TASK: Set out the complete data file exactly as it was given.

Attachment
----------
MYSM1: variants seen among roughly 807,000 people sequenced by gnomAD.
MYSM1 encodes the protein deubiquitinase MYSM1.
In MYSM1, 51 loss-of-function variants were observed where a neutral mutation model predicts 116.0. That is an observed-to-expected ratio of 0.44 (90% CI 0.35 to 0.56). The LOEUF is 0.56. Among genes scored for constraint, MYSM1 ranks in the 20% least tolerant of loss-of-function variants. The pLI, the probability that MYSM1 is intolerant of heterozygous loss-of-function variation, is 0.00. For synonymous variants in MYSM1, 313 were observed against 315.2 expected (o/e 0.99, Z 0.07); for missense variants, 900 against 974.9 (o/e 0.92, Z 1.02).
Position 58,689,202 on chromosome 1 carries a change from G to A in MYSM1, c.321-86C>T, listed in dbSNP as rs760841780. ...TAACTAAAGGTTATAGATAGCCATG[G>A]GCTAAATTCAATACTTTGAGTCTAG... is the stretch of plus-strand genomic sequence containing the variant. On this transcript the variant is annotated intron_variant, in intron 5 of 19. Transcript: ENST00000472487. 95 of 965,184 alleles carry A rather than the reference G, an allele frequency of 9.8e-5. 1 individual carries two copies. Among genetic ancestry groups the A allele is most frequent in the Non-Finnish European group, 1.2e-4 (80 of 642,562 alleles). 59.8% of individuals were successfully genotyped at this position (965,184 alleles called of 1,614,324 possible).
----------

MYSM1: variants seen among roughly 807,000 people sequenced by gnomAD.
MYSM1 encodes the protein deubiquitinase MYSM1.
In MYSM1, 51 loss-of-function variants were observed where a neutral mutation model predicts 116.0. That is an observed-to-expected ratio of 0.44 (90% CI 0.35 to 0.56). The LOEUF is 0.56. Among genes scored for constraint, MYSM1 ranks in the 20% least tolerant of loss-of-function variants. The pLI, the probability that MYSM1 is intolerant of heterozygous loss-of-function variation, is 0.00. For synonymous variants in MYSM1, 313 were observed against 315.2 expected (o/e 0.99, Z 0.07); for missense variants, 900 against 974.9 (o/e 0.92, Z 1.02).
Position 58,689,202 on chromosome 1 carries a change from G to A in MYSM1, c.321-86C>T, listed in dbSNP as rs760841780. ...TAACTAAAGGTTATAGATAGCCATG[G>A]GCTAAATTCAATACTTTGAGTCTAG... is the stretch of plus-strand genomic sequence containing the variant. On this transcript the variant is annotated intron_variant, in intron 5 of 19. Transcript: ENST00000472487. 95 of 965,184 alleles carry A rather than the reference G, an allele frequency of 9.8e-5. 1 individual carries two copies. Among genetic ancestry groups the A allele is most frequent in the Non-Finnish European group, 1.2e-4 (80 of 642,562 alleles). 59.8% of individuals were successfully genotyped at this position (965,184 alleles called of 1,614,324 possible).